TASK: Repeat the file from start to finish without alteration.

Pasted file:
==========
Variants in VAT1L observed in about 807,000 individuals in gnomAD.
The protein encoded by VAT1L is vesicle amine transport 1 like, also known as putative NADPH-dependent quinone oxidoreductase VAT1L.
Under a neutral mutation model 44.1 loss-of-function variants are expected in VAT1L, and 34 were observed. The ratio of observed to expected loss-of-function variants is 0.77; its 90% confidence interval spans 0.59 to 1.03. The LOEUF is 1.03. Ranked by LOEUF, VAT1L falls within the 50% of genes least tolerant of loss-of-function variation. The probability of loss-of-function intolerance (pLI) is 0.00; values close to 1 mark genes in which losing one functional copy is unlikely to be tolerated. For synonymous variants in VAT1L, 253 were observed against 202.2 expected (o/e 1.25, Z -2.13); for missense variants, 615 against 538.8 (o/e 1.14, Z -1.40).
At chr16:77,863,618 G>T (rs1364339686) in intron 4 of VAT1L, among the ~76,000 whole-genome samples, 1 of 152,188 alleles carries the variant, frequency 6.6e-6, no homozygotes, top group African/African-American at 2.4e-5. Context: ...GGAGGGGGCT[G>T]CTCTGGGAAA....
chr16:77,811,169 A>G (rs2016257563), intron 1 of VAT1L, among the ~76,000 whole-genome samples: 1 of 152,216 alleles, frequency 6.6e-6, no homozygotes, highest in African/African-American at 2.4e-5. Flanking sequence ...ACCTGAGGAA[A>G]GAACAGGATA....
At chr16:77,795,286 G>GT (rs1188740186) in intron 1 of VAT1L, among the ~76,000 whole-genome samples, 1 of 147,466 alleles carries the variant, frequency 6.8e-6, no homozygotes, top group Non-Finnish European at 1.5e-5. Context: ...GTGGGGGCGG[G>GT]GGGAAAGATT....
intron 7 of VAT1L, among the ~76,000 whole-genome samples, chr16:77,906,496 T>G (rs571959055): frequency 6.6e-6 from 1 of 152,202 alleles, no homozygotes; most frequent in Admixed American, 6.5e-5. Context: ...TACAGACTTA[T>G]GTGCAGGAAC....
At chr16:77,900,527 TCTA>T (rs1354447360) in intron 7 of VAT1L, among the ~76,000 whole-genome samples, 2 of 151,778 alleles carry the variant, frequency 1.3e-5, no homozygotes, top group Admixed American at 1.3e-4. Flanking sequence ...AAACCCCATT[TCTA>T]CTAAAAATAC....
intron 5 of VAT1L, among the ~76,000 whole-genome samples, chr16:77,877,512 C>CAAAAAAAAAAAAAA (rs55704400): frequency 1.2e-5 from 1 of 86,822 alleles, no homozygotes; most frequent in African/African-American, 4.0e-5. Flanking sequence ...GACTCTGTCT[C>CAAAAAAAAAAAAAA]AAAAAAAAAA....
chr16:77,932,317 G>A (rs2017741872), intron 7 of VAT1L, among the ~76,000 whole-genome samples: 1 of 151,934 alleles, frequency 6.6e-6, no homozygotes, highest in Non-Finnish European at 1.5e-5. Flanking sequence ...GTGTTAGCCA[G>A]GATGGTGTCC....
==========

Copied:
Variants in VAT1L observed in about 807,000 individuals in gnomAD.
The protein encoded by VAT1L is vesicle amine transport 1 like, also known as putative NADPH-dependent quinone oxidoreductase VAT1L.
Under a neutral mutation model 44.1 loss-of-function variants are expected in VAT1L, and 34 were observed. The ratio of observed to expected loss-of-function variants is 0.77; its 90% confidence interval spans 0.59 to 1.03. The LOEUF is 1.03. Ranked by LOEUF, VAT1L falls within the 50% of genes least tolerant of loss-of-function variation. The probability of loss-of-function intolerance (pLI) is 0.00; values close to 1 mark genes in which losing one functional copy is unlikely to be tolerated. For synonymous variants in VAT1L, 253 were observed against 202.2 expected (o/e 1.25, Z -2.13); for missense variants, 615 against 538.8 (o/e 1.14, Z -1.40).
At chr16:77,863,618 G>T (rs1364339686) in intron 4 of VAT1L, among the ~76,000 whole-genome samples, 1 of 152,188 alleles carries the variant, frequency 6.6e-6, no homozygotes, top group African/African-American at 2.4e-5. Context: ...GGAGGGGGCT[G>T]CTCTGGGAAA....
chr16:77,811,169 A>G (rs2016257563), intron 1 of VAT1L, among the ~76,000 whole-genome samples: 1 of 152,216 alleles, frequency 6.6e-6, no homozygotes, highest in African/African-American at 2.4e-5. Flanking sequence ...ACCTGAGGAA[A>G]GAACAGGATA....
At chr16:77,795,286 G>GT (rs1188740186) in intron 1 of VAT1L, among the ~76,000 whole-genome samples, 1 of 147,466 alleles carries the variant, frequency 6.8e-6, no homozygotes, top group Non-Finnish European at 1.5e-5. Context: ...GTGGGGGCGG[G>GT]GGGAAAGATT....
intron 7 of VAT1L, among the ~76,000 whole-genome samples, chr16:77,906,496 T>G (rs571959055): frequency 6.6e-6 from 1 of 152,202 alleles, no homozygotes; most frequent in Admixed American, 6.5e-5. Context: ...TACAGACTTA[T>G]GTGCAGGAAC....
At chr16:77,900,527 TCTA>T (rs1354447360) in intron 7 of VAT1L, among the ~76,000 whole-genome samples, 2 of 151,778 alleles carry the variant, frequency 1.3e-5, no homozygotes, top group Admixed American at 1.3e-4. Flanking sequence ...AAACCCCATT[TCTA>T]CTAAAAATAC....
intron 5 of VAT1L, among the ~76,000 whole-genome samples, chr16:77,877,512 C>CAAAAAAAAAAAAAA (rs55704400): frequency 1.2e-5 from 1 of 86,822 alleles, no homozygotes; most frequent in African/African-American, 4.0e-5. Flanking sequence ...GACTCTGTCT[C>CAAAAAAAAAAAAAA]AAAAAAAAAA....
chr16:77,932,317 G>A (rs2017741872), intron 7 of VAT1L, among the ~76,000 whole-genome samples: 1 of 151,934 alleles, frequency 6.6e-6, no homozygotes, highest in Non-Finnish European at 1.5e-5. Flanking sequence ...GTGTTAGCCA[G>A]GATGGTGTCC....